The potential and problematic dimensions of change notwithstanding, like other republics of the world, India is evolving inwardly at its own pace. It cannot, however, be averse to expressing its sensitivities, when it has reasons to presume that its credentials are being challenged in an unwarranted manner by elements that do so with a concealed agenda.
Strategic experts are reported to be examining the possibility of involvement of agents of foreign intelligence agencies and international conglomerates of arms suppliers for the latest leakage of classified Henderson Brooks Report on the Sino-Indian conflict of 1962. That the release was timed to coincide with a vicious political campaign in the run-up to general elections for the 16th Lok Sabha has not been missed by the New Delhi establishment.
While who triggered it all would remain central to entailing set of probes, various possibilities emerge. Is the trigger factor linked to the countries whose ambit of diplomatic privileges was cut short after a disproportionate and systemic misuse of these was revealed in recent months? Is there any connection between the disclosure and recent cancellation of high-value arms deals by New Delhi that have hit the Western arms suppliers hard?
In whatever zone the answer lies, a bitter legacy of colonial taint gets manifested in these recent events and exposures. They remind us that despite the end of colonialism, there is a wide credibility gap between the erstwhile colonial powers and the people they colonised through the policy of divide and rule.
A glaring evidence of this can be found in the trust deficit between India, Pakistan and Bangladesh today. The three nations were part of the British empire in the subcontinent. Yet the very people who united to fight the British to establish themselves as independent nations can rarely move in unison. On the other hand, global colonial powers like the UK, France and Italy that competed and fought against each other are today putting up a joint front and working in cohesion.
In the arena of armaments and weapon-building, the gap between national strategic capacity of India and those of the so-called advanced industrial nations that go by the name of Group of Eight (G8) is wide. The GDP of G8 itself constitutes more than 50 per cent of global economic generation. The US and Russia are the two largest suppliers of weaponry to the “once colonised” and the rest of the world. Apart from Beijing, Paris and London, Washington and Moscow, enjoy the incremental veto-power as permanent members of the UN Security Council. The P5 countries have used this power to protect their national interests that are not entirely or directly related to maintaining peace in the world as per UN Charter.
There is no disputing the fact that issues do arise in their dynamic power interplay among the industrial world. The increasing isolation of Russia that has resulted in its suspension from G8 following accession of Ukraine’s Crimea region is a case in point.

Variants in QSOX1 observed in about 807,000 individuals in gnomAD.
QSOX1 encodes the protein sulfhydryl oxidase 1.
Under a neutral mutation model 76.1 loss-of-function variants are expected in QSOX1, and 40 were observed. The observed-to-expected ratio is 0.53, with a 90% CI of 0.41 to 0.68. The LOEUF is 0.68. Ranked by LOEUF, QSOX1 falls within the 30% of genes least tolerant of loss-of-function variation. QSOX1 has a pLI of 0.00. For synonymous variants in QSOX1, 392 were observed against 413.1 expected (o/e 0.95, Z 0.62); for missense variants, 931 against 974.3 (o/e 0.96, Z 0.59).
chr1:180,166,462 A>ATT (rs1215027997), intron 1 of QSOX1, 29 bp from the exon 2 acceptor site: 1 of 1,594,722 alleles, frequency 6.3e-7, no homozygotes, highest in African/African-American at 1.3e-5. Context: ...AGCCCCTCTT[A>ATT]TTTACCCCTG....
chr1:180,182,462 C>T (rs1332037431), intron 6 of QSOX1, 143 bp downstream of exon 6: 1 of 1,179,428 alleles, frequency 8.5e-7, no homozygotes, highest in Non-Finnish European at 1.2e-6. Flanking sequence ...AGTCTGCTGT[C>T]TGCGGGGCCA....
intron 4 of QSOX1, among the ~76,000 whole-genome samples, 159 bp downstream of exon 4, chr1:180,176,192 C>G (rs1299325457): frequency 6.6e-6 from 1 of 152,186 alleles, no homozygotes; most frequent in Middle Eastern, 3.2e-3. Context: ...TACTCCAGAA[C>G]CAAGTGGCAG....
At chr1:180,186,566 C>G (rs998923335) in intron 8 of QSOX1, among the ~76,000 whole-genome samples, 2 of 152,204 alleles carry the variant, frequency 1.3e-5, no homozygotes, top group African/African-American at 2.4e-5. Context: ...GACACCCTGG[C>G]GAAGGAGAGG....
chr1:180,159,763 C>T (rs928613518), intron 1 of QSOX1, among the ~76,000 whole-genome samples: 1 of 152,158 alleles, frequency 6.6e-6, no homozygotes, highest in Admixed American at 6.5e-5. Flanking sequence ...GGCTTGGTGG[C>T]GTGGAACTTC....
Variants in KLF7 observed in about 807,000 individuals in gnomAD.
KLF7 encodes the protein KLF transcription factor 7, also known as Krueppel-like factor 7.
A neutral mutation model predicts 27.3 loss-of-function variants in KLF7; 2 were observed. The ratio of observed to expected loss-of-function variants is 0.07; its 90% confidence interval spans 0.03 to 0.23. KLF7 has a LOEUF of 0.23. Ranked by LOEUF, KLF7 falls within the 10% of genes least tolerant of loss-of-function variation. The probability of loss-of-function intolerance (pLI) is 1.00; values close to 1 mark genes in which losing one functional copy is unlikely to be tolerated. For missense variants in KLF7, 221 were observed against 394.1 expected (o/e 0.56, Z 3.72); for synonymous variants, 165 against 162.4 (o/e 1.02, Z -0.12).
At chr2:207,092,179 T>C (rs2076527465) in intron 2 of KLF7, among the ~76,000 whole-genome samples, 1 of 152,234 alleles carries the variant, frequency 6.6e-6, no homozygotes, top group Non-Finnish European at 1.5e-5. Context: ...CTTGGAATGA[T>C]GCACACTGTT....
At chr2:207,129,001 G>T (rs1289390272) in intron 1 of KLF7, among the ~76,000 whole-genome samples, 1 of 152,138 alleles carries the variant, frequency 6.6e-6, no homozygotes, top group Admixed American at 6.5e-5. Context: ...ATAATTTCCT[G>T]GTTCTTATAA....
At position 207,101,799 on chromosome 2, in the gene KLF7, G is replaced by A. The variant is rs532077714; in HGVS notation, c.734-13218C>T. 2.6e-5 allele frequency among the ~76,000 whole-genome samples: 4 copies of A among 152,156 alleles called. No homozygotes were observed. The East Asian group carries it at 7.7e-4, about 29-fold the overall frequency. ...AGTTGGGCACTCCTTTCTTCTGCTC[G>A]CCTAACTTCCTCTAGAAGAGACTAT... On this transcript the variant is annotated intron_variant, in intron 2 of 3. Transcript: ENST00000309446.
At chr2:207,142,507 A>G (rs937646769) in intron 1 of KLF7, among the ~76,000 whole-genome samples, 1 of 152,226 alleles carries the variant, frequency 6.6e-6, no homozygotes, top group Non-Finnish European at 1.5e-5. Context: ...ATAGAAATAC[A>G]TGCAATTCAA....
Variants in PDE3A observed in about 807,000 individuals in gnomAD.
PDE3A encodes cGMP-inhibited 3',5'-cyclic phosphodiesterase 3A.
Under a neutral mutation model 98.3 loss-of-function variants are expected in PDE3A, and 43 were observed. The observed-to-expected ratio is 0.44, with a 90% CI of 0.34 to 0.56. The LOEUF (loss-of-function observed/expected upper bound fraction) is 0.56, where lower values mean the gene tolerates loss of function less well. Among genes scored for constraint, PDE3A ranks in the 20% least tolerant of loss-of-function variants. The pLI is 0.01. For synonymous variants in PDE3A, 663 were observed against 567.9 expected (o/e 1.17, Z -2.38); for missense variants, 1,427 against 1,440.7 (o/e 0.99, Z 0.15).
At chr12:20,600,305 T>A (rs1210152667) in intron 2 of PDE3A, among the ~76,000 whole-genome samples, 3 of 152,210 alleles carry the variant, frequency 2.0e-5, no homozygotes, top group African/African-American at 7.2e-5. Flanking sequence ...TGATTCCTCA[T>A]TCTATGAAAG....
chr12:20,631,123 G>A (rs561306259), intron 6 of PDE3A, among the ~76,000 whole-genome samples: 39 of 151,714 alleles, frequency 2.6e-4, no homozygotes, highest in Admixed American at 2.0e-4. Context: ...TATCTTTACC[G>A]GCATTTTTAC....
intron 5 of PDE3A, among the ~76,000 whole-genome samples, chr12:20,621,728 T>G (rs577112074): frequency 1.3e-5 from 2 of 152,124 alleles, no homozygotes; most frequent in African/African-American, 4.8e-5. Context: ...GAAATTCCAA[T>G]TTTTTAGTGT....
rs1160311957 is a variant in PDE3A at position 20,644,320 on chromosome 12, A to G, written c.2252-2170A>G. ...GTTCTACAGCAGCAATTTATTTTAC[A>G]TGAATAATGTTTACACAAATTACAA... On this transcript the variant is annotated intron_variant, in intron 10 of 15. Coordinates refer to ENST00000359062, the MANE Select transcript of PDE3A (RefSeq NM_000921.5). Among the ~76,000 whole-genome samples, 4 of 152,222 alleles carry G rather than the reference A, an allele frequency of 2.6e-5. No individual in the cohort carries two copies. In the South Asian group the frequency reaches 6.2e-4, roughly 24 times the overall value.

By and large, however, it is the writ of the “strong and the empowered” that runs in the world today. This is a privilege that is denied to materially less empowered India. New Delhi’s growing dependence on defence and national security imports is closely linked to the strategic failure of India’s indigenous defence industry. This strategic dependence syndrome for military imports visibly impacts India’s attempts to seek inroad into higher parlours of a restructured United Nations.
China’s oblique yet assertive campaign, aimed at maintaining status quo ante in the world body’s power equilibrium, is music to the ears of the other four permanent members. Despite promises and noises to the contrary, Beijing’s strategic intent seems to be to deny permanent presence within UN Security Council (UNSC) to both Japan and India.
Indian diplomacy has so far striven hard getting a permanent voting right at the UNSC. Yet the fact remains that UN related global diplomacy is still deeply entrenched in statics of status. The dynamics of decision-making power in the world body is premised more on perceptions, less on ethics of choice. This is a zone wherein G8 member countries take precedence over India.
The essential logic of mentorship over the world at large lies preponderantly on the industrial power vectors and national capacities the powerful countries muster to cause potential harm to the countries that show signs of challenging their hegemony. These prevalent power vectors not only define what non-compliance is but also decide what punishment should be inflicted on the countries that do not fall in line. Under these circumstances, India, one of world’s largest arms importers, finds itself in a predicament of its own making.